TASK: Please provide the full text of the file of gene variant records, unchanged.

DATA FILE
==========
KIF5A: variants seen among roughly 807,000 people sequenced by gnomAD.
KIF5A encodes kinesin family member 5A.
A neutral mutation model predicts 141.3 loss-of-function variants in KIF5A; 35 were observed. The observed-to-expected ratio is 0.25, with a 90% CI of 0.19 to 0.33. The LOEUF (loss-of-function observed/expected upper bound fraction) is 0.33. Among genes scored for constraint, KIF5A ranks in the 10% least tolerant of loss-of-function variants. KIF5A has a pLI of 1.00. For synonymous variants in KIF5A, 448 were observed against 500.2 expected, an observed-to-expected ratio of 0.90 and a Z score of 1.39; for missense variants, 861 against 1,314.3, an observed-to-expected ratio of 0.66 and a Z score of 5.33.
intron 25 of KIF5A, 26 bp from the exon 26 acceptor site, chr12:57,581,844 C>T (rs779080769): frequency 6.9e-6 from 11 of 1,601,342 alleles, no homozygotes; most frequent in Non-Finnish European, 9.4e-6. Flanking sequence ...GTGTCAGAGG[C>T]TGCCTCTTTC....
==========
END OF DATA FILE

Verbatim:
KIF5A: variants seen among roughly 807,000 people sequenced by gnomAD.
KIF5A encodes kinesin family member 5A.
A neutral mutation model predicts 141.3 loss-of-function variants in KIF5A; 35 were observed. The observed-to-expected ratio is 0.25, with a 90% CI of 0.19 to 0.33. The LOEUF (loss-of-function observed/expected upper bound fraction) is 0.33. Among genes scored for constraint, KIF5A ranks in the 10% least tolerant of loss-of-function variants. KIF5A has a pLI of 1.00. For synonymous variants in KIF5A, 448 were observed against 500.2 expected, an observed-to-expected ratio of 0.90 and a Z score of 1.39; for missense variants, 861 against 1,314.3, an observed-to-expected ratio of 0.66 and a Z score of 5.33.
intron 25 of KIF5A, 26 bp from the exon 26 acceptor site, chr12:57,581,844 C>T (rs779080769): frequency 6.9e-6 from 11 of 1,601,342 alleles, no homozygotes; most frequent in Non-Finnish European, 9.4e-6. Flanking sequence ...GTGTCAGAGG[C>T]TGCCTCTTTC....